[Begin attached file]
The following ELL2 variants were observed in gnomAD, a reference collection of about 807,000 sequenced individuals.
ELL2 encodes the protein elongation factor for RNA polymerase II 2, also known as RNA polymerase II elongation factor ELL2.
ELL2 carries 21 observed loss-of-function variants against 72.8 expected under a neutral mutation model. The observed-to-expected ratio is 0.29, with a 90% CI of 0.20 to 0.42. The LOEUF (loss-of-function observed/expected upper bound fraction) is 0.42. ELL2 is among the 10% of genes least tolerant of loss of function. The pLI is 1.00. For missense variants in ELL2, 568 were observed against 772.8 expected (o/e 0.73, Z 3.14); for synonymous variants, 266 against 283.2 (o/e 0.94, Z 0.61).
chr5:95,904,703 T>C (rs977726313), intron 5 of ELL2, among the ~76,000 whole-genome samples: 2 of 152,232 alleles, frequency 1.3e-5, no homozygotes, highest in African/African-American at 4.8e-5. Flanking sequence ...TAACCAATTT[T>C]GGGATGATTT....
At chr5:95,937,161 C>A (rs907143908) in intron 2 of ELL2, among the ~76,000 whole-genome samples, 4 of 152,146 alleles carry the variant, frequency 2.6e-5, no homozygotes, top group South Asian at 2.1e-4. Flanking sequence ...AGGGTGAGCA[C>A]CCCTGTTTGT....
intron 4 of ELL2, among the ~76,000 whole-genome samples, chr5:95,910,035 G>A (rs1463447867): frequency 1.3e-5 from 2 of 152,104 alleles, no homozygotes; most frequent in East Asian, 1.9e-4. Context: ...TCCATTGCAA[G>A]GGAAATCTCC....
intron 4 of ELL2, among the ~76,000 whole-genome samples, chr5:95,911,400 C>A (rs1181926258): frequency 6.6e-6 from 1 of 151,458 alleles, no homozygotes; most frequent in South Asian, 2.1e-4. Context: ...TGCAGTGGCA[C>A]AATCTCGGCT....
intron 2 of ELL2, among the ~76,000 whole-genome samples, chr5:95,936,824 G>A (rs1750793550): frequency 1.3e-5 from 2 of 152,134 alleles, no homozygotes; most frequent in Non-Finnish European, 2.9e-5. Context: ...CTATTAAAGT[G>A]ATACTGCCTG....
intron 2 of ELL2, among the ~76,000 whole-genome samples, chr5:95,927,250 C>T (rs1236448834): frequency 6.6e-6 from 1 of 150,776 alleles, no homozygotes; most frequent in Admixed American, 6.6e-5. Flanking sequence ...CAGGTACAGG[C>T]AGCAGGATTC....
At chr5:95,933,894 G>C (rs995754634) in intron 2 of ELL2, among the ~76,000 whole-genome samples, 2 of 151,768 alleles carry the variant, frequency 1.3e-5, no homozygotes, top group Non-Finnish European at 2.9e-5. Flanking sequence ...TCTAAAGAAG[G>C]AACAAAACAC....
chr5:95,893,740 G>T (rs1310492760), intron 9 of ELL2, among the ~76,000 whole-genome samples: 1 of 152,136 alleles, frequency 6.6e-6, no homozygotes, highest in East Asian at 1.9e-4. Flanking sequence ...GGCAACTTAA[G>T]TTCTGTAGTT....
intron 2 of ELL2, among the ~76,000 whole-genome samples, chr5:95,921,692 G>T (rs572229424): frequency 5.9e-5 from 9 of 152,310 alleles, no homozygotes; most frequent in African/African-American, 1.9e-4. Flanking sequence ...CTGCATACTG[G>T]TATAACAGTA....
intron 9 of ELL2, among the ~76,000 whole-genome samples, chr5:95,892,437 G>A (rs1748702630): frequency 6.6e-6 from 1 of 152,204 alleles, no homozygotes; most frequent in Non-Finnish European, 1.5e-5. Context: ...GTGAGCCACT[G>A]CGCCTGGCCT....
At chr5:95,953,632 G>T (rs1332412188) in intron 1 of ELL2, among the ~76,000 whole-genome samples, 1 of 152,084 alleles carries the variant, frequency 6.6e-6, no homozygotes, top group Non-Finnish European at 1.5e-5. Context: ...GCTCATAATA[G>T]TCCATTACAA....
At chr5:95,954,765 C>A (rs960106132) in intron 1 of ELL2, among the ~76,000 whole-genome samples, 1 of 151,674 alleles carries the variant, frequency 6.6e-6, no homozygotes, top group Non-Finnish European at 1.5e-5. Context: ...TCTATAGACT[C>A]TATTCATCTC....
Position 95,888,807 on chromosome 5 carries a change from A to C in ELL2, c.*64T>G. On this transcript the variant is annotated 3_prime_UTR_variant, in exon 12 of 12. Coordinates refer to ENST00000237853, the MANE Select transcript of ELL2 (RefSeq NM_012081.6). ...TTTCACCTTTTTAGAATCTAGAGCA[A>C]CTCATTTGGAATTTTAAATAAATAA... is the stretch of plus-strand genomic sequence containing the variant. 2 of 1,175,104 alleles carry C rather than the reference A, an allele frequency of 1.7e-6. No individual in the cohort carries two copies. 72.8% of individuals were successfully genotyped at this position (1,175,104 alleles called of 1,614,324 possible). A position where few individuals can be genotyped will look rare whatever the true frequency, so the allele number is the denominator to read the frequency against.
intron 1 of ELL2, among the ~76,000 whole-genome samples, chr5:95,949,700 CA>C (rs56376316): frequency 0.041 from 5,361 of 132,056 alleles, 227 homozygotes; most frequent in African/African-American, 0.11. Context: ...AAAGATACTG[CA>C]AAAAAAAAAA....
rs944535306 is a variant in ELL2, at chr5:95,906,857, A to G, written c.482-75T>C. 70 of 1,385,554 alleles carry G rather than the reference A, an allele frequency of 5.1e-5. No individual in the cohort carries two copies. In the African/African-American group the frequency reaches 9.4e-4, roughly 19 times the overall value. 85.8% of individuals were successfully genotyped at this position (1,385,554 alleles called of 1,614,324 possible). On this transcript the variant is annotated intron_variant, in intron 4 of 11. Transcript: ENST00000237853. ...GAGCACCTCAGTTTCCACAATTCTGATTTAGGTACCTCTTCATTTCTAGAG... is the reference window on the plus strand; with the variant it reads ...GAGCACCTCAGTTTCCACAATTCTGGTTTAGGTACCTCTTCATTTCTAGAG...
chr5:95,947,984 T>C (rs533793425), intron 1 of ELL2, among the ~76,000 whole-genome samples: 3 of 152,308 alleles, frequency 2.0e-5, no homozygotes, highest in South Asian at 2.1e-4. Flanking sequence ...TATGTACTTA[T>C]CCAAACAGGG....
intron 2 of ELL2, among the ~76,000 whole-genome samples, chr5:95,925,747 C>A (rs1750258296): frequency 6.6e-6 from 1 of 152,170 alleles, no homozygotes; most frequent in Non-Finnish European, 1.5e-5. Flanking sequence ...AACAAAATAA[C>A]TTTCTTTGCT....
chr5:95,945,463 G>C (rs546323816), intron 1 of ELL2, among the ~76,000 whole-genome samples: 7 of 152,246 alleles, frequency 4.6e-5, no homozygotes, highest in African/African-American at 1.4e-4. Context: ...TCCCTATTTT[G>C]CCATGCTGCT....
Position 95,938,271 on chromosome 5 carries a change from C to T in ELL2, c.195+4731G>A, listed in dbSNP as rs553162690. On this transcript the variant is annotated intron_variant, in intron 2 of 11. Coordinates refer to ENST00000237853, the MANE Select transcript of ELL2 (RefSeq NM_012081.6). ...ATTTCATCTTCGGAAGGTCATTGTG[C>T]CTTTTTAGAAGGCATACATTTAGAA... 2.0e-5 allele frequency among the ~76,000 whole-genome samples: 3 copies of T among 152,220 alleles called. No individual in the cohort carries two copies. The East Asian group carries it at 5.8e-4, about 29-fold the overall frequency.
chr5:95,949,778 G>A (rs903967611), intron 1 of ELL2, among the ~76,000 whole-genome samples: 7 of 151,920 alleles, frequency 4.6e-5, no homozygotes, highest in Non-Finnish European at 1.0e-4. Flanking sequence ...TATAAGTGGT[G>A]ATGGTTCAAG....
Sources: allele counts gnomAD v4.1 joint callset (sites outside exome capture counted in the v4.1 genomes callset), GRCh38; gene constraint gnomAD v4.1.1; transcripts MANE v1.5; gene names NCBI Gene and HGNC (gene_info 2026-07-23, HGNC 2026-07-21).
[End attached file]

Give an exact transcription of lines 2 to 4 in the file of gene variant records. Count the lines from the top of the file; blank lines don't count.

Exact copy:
ELL2 encodes the protein elongation factor for RNA polymerase II 2, also known as RNA polymerase II elongation factor ELL2.
ELL2 carries 21 observed loss-of-function variants against 72.8 expected under a neutral mutation model. The observed-to-expected ratio is 0.29, with a 90% CI of 0.20 to 0.42. The LOEUF (loss-of-function observed/expected upper bound fraction) is 0.42. ELL2 is among the 10% of genes least tolerant of loss of function. The pLI is 1.00. For missense variants in ELL2, 568 were observed against 772.8 expected (o/e 0.73, Z 3.14); for synonymous variants, 266 against 283.2 (o/e 0.94, Z 0.61).
chr5:95,904,703 T>C (rs977726313), intron 5 of ELL2, among the ~76,000 whole-genome samples: 2 of 152,232 alleles, frequency 1.3e-5, no homozygotes, highest in African/African-American at 4.8e-5. Flanking sequence ...TAACCAATTT[T>C]GGGATGATTT....